Wooster Mountain was next, hiking over some rocky trail before I eagerly picked up my pace and hiked towards Pine Mountain and the summer home of Charles Ives. Wooster Mountain provided the sentinels of CT trails, old junk car skeletons. These seem to be fixtures along this state’s trails, and I often find them in odd locations.

Charles Ives Home

Pine Mountain is reported to be the place of Charles Ives’s summer cottage. The ledges’ view even matches old pictures of Charles Ives looking out over the same hills, which I thought was neat. There was also an old stone fireplace just past the lookout, and I rested on the same hearth as Charles – maybe.

From Pine Mountain, I dropped down to beautiful Bennett’s Pond, where I watched two lone Swans (beautiful but vicious if you mess with their babies – note) out on the water before heading around the pond and out to where my car was parked in a large crowded parking area. Bennett’s Pond is popular, as the parking lot was crowded, and I saw many other hikers.

Lone Pine on Ives Trail

Tarryville Park to Shortcut Road

I parked at Tarryville Park and headed south towards the Shortcut Road Terminus on this hike. My first stop was Hearthstone Castle. Heading down into the park, I turned right and cut over across Brushy Hill Road. If you use a map or GPS, it is straightforward to find the castle for a quick in and out.

The driveway up to Hearthstone had posted signs, and it looked like a renovation was about to begin. Potential trespassing made the visit even more exciting, although brief. I paused at the old water tower above the castle. These ancient structures are fascinating to me (I’m a little boring), and the wall on the front had been removed so I could see all of the piping inside. I picked back up the Ives Trail south of Hearthstone and circled back down around Parks Pond.

This day’s hike had more of a “remote” feel as I hiked south through public land, skirting the edge of a few residential areas before briefly joining Long Ridge Road. Leaving Long Ridge Road, I reached another kiosk with a bench (I test each bench for structural integrity while I snack), admiring lovely high pasture views before moving on.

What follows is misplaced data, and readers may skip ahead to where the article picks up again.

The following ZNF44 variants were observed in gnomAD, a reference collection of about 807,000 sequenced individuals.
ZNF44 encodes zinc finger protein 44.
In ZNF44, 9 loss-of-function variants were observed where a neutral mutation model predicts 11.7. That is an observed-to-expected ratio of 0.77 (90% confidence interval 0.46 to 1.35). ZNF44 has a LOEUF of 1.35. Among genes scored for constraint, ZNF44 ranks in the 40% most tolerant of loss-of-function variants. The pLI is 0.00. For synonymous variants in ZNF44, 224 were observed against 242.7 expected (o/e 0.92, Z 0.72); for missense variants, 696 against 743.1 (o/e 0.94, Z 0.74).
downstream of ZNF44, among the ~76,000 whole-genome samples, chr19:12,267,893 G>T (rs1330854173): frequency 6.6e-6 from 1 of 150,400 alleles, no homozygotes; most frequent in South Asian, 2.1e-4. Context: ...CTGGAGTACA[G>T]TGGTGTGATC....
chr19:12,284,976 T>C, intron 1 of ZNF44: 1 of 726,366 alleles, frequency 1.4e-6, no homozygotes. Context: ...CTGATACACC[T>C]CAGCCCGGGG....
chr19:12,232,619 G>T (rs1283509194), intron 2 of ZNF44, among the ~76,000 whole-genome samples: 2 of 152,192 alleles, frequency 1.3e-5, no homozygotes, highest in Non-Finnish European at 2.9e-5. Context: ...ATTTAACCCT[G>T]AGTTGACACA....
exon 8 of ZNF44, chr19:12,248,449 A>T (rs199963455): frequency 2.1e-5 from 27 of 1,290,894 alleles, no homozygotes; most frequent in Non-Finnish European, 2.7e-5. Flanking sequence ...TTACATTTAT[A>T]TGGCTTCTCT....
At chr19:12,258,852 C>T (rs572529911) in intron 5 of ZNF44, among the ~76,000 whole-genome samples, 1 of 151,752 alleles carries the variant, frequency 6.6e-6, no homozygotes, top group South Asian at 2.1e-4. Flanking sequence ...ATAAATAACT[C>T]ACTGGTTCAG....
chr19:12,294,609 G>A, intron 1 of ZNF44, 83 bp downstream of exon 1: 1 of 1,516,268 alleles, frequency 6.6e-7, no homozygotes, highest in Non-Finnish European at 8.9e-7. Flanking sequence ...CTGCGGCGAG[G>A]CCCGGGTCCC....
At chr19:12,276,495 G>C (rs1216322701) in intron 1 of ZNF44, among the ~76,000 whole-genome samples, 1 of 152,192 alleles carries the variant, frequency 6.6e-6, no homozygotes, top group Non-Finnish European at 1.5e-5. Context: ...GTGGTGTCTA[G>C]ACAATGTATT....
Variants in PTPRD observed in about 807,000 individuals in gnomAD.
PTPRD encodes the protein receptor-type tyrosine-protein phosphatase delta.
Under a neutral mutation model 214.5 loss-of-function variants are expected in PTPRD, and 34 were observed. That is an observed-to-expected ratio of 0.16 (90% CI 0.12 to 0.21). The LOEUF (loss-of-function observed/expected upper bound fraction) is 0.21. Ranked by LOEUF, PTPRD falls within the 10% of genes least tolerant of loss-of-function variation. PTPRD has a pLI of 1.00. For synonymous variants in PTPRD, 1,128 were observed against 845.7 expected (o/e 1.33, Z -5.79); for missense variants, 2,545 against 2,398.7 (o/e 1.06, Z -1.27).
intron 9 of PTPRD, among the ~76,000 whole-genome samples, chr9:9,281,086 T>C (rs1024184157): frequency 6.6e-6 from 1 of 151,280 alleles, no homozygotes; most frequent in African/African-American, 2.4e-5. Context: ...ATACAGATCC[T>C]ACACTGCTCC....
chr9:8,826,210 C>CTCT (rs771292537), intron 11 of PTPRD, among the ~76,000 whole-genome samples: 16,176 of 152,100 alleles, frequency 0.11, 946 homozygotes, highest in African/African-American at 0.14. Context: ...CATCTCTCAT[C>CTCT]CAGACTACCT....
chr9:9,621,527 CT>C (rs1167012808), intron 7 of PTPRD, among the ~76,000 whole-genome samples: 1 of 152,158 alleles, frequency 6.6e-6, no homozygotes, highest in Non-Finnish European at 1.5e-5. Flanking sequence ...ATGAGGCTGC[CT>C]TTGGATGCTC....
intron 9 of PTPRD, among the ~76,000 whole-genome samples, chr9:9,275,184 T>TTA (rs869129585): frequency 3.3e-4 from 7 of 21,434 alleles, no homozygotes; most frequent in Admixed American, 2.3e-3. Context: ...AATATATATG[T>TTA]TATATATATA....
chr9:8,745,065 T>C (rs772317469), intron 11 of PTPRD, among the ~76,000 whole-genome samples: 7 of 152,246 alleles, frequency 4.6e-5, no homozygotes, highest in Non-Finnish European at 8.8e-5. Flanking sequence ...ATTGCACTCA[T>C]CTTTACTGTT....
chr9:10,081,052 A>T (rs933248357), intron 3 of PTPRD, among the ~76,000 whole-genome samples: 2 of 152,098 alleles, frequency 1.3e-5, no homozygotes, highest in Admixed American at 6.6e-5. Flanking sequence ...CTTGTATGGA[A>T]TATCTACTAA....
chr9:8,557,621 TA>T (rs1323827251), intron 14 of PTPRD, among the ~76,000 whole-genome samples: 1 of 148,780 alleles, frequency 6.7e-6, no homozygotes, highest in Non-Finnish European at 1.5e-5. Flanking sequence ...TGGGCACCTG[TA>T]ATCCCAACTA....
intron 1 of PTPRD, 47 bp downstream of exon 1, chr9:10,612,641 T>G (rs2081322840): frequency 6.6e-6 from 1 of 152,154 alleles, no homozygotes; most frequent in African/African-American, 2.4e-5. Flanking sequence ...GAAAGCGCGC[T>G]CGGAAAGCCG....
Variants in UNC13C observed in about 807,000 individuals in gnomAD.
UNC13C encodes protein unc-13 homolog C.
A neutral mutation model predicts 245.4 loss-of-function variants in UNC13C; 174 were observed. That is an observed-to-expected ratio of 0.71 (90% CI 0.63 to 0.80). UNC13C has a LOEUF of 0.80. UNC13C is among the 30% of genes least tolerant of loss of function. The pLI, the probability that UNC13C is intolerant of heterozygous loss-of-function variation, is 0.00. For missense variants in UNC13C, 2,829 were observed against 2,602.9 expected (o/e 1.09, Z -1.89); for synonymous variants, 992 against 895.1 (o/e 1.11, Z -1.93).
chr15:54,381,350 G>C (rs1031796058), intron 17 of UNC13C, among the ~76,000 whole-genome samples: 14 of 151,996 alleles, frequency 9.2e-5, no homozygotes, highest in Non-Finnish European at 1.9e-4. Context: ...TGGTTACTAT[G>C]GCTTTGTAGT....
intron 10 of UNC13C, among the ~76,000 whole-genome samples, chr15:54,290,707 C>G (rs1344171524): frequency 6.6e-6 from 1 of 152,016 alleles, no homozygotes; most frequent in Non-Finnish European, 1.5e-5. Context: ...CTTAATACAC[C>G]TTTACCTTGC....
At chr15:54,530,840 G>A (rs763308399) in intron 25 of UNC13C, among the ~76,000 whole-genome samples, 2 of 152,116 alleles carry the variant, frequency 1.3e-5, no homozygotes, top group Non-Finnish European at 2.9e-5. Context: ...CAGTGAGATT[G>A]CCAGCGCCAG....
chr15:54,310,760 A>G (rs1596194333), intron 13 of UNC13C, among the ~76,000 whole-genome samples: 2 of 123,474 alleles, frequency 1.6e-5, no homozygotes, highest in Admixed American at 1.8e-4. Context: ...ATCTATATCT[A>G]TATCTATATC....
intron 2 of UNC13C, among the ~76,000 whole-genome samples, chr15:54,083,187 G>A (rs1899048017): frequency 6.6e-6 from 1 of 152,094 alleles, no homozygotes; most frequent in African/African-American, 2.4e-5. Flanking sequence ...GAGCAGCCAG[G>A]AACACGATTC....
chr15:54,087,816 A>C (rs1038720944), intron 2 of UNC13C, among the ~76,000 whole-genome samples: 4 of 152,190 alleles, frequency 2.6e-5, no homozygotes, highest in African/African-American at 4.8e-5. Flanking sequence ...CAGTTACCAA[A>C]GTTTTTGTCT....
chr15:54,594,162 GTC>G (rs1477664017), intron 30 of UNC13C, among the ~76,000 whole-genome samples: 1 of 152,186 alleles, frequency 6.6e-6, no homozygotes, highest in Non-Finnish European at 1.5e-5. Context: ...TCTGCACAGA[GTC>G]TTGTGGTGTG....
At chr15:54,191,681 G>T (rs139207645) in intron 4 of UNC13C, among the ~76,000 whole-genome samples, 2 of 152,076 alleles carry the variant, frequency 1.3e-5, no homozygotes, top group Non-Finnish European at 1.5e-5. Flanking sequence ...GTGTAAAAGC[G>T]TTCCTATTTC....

Heading down towards low-lying areas, where a couple of land trusts and preserves provide access for the Ives Trail, the path became less used and faded away in a couple of spots. The small placards and markings every ten feet ensured I stayed on track.

The last bit of the hike led down to Bogus Brook Preserve before crossing railroad tracks and ending at Shortcut Road. There is no good parking at this terminus, but if you are getting picked up like I was, it is easy for cars to turn around across from the trailhead on this lightly traveled road.

Water Tower Near Hearthstone Castle

Post Hike Thoughts on Ives Trail

The Ives Trail is one of my favorite Connecticut Trails. I enjoy the history, and the terrain is varied enough to make it a challenging hike, especially if you hike the full 20 miles in one day. I enjoy the old ruins and scattered views as I travel in and out of the rolling hardwood hills, and there are numerous side trails to explore around Bennetts Pond, Thomas Mountain, Beacon, etc.

As mentioned, the trail is clearly marked, and if you like running or biking, there are sections of this trail that are ideal since some sections of the trail are multi-use. There are steep, rocky climbs, numerous stream crossings, and many tranquil, picturesque ponds and lakes. This is a fun trail that has something for everyone. There are many points to enter and exit the trail, so you can easily pick and choose your section of interest.